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New Virtual Reality Technology Uses Mouth Gestures to Operate

06 October 2017

Binghamton University Professor of Computer Science Lijun Yin and his team created a new framework that interprets mouth gestures as a medium for interaction within virtual reality in real-time. Source: Binghamton UniversityBinghamton University Professor of Computer Science Lijun Yin and his team created a new framework that interprets mouth gestures as a medium for interaction within virtual reality in real-time. Source: Binghamton University

Researchers from Binghamton University State University of New York have developed a new technology that allows users to interact in virtual reality using only mouth gestures.

The increase of affordable virtual reality head-mounted displays provides users with realistic immersive visual experiences. But head-mounted displays occlude the upper half of a user’s face, which prevents facial action recognition from the whole face. In order to combat this, Binghamton University Professor of Computer Science Lijuin Yin and his team created a new framework that interprets mouth gestures as a medium for interaction within virtual reality in real-time.

Yin’s team tested this application on a group of graduate students. When a user put on the head-mounted display, a simple game was displayed. The objective of the game was to guide the avatar around a forest and eat as many cakes as possible. Players had to select their movement direction using head rotation and move using mouth gestures. They could only eat a cake by smiling. The system could describe and classify the mouth movements and it achieved high correct recognition rates. The system has been demonstrated and validated through a real-time virtual reality application.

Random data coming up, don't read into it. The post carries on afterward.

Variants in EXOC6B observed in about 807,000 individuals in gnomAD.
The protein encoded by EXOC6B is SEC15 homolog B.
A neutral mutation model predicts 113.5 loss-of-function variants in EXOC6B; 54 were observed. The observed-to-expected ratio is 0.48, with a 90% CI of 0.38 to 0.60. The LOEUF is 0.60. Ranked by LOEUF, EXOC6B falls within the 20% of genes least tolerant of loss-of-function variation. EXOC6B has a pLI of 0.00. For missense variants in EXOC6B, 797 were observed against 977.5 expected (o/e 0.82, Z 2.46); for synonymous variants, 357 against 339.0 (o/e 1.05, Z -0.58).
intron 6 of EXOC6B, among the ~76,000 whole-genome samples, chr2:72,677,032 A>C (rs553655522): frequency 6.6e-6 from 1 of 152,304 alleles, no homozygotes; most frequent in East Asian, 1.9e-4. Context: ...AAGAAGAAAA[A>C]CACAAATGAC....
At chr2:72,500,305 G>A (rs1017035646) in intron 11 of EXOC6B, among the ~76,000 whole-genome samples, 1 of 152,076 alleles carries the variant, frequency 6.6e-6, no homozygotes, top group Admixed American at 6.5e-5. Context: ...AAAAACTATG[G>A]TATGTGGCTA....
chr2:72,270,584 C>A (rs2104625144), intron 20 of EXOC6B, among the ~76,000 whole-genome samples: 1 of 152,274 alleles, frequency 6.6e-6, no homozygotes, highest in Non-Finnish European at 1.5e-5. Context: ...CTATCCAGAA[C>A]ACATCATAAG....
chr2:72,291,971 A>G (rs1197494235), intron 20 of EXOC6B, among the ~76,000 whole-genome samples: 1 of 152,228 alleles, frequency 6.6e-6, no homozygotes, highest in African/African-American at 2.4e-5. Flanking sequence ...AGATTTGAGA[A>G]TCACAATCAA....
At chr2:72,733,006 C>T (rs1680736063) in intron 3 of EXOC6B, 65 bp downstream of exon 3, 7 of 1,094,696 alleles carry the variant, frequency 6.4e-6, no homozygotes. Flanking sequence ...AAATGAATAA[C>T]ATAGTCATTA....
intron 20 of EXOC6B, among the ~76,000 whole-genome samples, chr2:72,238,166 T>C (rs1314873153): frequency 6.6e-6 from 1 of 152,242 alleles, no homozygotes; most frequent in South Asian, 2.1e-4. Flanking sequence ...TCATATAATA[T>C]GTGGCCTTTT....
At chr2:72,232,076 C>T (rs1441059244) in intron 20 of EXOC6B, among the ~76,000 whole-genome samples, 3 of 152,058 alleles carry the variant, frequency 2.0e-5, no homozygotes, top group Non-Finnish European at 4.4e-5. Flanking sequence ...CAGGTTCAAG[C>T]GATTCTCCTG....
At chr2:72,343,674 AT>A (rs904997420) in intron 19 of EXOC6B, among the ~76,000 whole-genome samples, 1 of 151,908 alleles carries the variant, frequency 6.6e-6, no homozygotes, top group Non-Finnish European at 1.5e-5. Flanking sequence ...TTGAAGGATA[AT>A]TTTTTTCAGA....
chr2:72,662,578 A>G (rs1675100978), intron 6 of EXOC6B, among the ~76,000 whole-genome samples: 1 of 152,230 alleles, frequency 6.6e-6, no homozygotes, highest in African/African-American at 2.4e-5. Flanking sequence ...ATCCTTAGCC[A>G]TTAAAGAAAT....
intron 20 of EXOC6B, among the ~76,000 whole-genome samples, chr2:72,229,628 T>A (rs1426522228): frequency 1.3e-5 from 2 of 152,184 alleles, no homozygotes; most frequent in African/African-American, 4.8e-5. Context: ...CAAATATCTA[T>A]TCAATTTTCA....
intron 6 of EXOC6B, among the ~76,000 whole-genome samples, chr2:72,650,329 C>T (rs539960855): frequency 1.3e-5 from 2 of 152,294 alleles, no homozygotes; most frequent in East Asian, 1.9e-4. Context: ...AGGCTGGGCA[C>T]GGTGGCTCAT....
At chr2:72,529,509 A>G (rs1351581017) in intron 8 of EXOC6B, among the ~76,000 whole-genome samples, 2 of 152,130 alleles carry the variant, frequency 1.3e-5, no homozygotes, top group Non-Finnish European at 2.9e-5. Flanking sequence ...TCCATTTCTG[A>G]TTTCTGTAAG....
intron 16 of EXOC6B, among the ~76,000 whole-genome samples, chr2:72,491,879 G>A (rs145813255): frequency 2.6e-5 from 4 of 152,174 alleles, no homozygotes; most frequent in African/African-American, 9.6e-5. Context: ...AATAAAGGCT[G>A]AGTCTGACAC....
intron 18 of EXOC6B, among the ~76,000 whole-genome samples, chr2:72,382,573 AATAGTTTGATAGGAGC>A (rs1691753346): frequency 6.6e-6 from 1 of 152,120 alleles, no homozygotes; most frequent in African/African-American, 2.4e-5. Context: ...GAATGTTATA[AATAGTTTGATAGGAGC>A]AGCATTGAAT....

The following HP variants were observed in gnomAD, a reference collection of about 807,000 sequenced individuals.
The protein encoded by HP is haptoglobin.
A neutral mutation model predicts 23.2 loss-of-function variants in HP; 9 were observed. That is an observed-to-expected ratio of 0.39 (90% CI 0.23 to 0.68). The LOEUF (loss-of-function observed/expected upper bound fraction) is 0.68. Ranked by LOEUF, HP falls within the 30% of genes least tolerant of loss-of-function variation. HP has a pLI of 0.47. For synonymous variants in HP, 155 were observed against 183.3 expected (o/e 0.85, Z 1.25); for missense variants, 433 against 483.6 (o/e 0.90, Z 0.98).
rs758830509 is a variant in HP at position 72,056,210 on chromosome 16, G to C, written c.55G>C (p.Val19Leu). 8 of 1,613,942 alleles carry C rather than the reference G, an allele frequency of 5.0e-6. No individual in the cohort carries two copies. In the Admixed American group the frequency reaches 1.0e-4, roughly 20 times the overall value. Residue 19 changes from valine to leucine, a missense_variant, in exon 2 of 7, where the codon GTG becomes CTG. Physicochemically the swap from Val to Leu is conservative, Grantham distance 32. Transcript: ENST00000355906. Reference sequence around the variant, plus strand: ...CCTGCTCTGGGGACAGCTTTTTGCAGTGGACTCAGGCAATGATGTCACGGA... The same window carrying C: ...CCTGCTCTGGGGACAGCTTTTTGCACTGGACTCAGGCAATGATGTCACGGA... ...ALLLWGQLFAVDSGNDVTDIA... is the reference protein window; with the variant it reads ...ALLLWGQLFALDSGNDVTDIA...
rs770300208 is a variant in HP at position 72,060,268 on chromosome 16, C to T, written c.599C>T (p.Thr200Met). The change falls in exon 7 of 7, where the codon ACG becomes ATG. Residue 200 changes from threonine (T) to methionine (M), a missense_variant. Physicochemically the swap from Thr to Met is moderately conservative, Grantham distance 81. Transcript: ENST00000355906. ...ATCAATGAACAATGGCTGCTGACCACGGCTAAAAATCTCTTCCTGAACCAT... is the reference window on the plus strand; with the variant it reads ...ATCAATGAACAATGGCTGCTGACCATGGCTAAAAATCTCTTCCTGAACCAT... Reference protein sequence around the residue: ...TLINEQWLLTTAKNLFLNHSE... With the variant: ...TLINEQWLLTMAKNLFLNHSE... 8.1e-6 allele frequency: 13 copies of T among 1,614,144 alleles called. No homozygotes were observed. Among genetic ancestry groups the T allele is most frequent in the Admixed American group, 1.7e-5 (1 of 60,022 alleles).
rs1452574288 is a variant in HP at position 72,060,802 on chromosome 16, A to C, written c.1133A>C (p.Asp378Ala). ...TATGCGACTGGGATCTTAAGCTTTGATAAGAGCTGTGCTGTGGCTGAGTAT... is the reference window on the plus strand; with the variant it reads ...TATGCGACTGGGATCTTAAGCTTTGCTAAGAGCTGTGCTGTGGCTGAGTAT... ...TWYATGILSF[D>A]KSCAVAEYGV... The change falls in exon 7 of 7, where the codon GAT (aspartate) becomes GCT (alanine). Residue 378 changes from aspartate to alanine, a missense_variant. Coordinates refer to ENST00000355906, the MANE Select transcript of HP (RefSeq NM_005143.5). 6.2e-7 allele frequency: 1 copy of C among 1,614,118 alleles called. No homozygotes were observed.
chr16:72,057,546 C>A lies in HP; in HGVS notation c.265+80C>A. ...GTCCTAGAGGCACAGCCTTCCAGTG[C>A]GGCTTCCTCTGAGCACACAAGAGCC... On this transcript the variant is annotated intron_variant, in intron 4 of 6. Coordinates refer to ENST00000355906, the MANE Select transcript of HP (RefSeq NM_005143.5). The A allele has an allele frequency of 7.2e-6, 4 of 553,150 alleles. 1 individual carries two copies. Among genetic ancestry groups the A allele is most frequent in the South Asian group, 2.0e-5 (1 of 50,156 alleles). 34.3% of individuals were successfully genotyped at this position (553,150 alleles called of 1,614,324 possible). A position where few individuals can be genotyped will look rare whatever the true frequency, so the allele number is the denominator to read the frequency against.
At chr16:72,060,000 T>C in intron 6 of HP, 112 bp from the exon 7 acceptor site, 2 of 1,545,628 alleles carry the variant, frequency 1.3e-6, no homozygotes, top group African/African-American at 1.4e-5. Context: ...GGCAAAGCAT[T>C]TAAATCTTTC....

"We hope to make this applicable to more than one person, maybe two. Think Skype interviews and communication," said Yin. "Imagine if it felt like you were in the same geometric space, face to face, and the computer program can efficiently depict your facial expressions and replicate them so it looks real."

The tech is still in the prototype phase, but Yin believes that this technology is applicable for many fields.

"The virtual world isn't only for entertainment. For instance, healthcare uses VR to help disabled patients," said Yin. "Medical professionals or even military personnel can go through training exercises that may not be possible to experience in real life. This technology allows the experience to be more realistic."

A paper on this research was presented at the IEEE International Conference on Multimedia and Expo.

To contact the author of this article, email Siobhan.Treacy@ieeeglobalspec.com


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